Friday, July 29, 2016

Preparing a Fresh Mango

Mangos are one of the most popular fruits in the world. They're related to cashews and pistachios, have been harvested for over 5,000 years, and their shape is the basis for the paisley pattern. Mangos are stone fruits that grow on trees that are up to 100 feet tall.
Mangos are delicious, with yellow to orange edible flesh, but be careful with the skin, stem, and sap. People who have a sensitivity to poison ivy (urushiol) can suffer from dermatitis if the skin, stem or sap touches them. However, with careful handling, the flesh of the mango is not a problem for those people.
What do I look for when I purchase mangos?
 When you purchase a mango, do not be concerned with the color. A pink mango does not indicate ripeness. When you purchase mangos, they tend to be hard. Look for unblemished, unwrinkled mangos. Let them sit on your counter to ripen for a few days. Ripe mangos will yield gently to pressure from your finger. It will be slightly soft, but not gooey, like a ripe peach.
How do you prepare a mango?
Mangos are most delicious when eaten raw, although cooked mangos make tasty jams, chutneys, and pureed drinks. No matter how you eat them, you need to remove the flesh from the skin.
First, wash and dry your mango.
 Place on a cutting board. Make sure your knife is sharp.
 The first step is to divide the mango in thirds, lengthwise. In the center of the mango is a large pith - essentially, a fuzzy pit.
 Slice the mango in thirds, leaving the center part (pith) aside for now.
 Taking one of the sides, slowly drag your knife through the flesh as close to the skin as possible without slicing through the skin. Repeat, scoring the fruit in parallel lines.
 Turn the mango 90 degrees  and slice the flesh again. It will look like a grid pattern.
 Now, invert the mango by gently pulling the ends down pushing the outer center of the skin up. Do this as if you were turning the fruit inside out. Repeat this with the other side of the mango.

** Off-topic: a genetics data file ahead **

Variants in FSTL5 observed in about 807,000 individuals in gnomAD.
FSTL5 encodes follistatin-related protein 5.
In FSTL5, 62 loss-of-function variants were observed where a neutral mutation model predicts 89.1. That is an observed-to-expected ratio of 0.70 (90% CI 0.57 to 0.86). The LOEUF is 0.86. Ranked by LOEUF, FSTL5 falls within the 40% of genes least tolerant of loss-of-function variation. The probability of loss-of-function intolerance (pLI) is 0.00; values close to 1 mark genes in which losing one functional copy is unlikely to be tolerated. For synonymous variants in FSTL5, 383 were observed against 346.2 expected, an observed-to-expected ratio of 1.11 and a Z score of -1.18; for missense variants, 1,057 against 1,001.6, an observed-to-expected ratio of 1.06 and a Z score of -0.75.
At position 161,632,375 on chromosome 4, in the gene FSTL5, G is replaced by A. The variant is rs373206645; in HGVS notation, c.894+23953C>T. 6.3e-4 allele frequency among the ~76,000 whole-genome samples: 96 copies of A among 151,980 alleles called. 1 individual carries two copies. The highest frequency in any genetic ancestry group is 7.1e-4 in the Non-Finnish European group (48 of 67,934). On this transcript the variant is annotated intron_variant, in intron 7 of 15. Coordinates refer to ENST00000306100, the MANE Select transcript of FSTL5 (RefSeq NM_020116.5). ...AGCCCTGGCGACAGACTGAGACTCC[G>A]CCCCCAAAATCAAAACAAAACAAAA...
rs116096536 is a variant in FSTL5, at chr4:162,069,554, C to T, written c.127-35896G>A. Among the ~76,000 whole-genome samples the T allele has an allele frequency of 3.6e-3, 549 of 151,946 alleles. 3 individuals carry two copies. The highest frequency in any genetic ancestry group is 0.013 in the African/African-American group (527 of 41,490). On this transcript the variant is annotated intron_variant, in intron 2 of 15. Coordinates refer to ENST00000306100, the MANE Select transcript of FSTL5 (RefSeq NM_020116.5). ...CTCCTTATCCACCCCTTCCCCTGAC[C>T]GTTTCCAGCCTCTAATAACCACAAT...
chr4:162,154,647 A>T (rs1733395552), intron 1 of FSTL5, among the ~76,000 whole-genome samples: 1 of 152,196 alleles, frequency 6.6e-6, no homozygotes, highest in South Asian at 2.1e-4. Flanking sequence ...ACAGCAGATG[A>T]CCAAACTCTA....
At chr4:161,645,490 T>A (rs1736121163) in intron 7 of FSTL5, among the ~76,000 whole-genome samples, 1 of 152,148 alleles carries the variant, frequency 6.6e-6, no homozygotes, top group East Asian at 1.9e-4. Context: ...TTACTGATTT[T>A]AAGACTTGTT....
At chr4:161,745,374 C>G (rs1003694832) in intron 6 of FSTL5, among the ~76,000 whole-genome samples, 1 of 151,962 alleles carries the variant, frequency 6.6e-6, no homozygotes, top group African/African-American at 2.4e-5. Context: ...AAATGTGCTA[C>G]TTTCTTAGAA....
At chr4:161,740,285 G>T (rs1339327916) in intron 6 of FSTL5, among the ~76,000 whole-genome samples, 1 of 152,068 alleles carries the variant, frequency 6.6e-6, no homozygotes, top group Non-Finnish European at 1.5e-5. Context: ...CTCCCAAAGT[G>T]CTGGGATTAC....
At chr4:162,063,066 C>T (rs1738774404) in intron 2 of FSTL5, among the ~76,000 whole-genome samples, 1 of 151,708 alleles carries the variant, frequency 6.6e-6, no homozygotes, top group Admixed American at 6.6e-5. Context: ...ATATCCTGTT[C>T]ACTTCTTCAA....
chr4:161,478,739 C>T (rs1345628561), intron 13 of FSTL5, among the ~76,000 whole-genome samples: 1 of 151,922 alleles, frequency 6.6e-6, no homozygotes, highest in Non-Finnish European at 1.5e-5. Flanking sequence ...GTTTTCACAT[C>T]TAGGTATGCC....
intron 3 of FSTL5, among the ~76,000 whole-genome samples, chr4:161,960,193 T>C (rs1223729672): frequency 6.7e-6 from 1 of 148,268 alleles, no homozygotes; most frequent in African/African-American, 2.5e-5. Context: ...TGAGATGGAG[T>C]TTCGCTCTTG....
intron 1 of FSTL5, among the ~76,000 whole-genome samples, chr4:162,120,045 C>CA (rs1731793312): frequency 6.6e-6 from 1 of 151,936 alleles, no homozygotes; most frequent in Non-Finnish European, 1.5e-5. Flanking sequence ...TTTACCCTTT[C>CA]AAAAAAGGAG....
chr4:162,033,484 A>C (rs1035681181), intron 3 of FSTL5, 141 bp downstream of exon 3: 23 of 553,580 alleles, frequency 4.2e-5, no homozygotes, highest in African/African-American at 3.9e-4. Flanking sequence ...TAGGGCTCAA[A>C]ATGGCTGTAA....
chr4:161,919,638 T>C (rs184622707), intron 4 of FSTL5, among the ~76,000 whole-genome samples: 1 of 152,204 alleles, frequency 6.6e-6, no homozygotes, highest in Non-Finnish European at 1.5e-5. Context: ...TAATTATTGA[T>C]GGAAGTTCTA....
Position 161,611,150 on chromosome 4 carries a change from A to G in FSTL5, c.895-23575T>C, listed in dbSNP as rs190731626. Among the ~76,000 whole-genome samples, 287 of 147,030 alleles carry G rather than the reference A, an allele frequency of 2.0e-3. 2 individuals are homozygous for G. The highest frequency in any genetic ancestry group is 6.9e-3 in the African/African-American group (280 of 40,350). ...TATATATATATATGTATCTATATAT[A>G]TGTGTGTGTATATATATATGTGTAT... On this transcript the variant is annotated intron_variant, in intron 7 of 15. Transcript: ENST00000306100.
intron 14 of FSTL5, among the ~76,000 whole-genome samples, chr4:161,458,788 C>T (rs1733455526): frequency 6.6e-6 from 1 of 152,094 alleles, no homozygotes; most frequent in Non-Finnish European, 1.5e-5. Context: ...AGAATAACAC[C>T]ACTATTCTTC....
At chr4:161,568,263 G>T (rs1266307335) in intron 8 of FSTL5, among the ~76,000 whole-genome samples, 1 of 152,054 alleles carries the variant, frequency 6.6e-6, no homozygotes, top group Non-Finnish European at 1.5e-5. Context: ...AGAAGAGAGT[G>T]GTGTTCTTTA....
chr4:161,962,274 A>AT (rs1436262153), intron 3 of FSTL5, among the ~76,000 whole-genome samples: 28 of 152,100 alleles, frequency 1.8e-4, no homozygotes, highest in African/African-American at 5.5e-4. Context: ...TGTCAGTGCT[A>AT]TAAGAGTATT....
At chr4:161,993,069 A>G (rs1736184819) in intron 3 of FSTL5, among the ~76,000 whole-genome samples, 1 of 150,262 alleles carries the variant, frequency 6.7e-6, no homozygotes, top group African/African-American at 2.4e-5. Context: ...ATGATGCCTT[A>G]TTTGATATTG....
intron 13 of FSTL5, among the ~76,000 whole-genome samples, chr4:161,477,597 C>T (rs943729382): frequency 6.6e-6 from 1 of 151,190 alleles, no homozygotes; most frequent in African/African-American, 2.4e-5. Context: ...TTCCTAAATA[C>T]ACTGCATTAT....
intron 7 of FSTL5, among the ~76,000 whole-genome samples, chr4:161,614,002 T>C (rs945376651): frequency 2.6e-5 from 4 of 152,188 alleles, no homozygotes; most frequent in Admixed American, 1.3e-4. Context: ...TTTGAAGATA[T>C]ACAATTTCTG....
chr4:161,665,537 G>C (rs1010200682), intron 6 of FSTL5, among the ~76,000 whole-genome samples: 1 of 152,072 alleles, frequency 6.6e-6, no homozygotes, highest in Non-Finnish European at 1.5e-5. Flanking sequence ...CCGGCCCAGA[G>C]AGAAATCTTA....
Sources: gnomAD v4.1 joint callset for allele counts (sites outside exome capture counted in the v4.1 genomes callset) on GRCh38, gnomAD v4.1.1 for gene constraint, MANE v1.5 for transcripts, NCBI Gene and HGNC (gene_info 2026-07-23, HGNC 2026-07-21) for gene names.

Now, return to the pith. There is some edible flesh around it, but not nearly as much as you would expect.
 Carefully remove the skin.
 Then shave off the edible flesh. You will feel tension in the knife when you reach the pith. Do not force the knife through the pith, because it is not tasty. Just shave off 1/4" or so bits from around the pith.
 Here is the mango taken apart, with the flesh removed from the pith.
 Return to the inverted sides of the mango and gently slice off the pieces that stand up.
 The cutting board shows the unusable material from a prepared mango and the bowl shows all the edible mango flesh.
It's a bit of work to get the flesh, but it is truly delicious.

Thursday, July 28, 2016

Sketching: Chocolate Bark Cakes or Drip Cakes

I'm working on making a German's Chocolate Cake for a birthday party this weekend and I wanted to do something different. In year's past, I've made the traditional looking cake in parts 1 and parts 2, with my added twist of chocolate frosting and cherries on top. I also did a larger one here. This year, I thought I'd make one with chocolate shards, chocolate bark, on top. In studying these cakes, I learned that they are not called Bark Cakes, but drip cakes for the ganache that is dripping from the top.
It's funny because when I look at these cakes, I notice the bark, not the drips.
I plan on making the bark with German Chocolate Flavors - chocolate, caramel, coconut
And I plan on incorporating frosting dollops on the cake as well, because, everyone loves chocolate frosting!
Here's another idea using the bark around the case, instead of on top. This way can use more of a traditional look - with the coconut topping on top of the cake and the bark around the perimeter.
Now, to decide which cake to make! Any opinions?

Wednesday, July 27, 2016

Bookmaking: License Plate Book

 I've continued binding unusual things into books. I made a seashell book here and a fabric book here. This time, I made a book from old license plates.
 I took some license plates and drilled holes in one side. I folded papers to make the pages (signatures), gathered tools, and began to bind.
 I placed the layers together and then sewed the bindings together.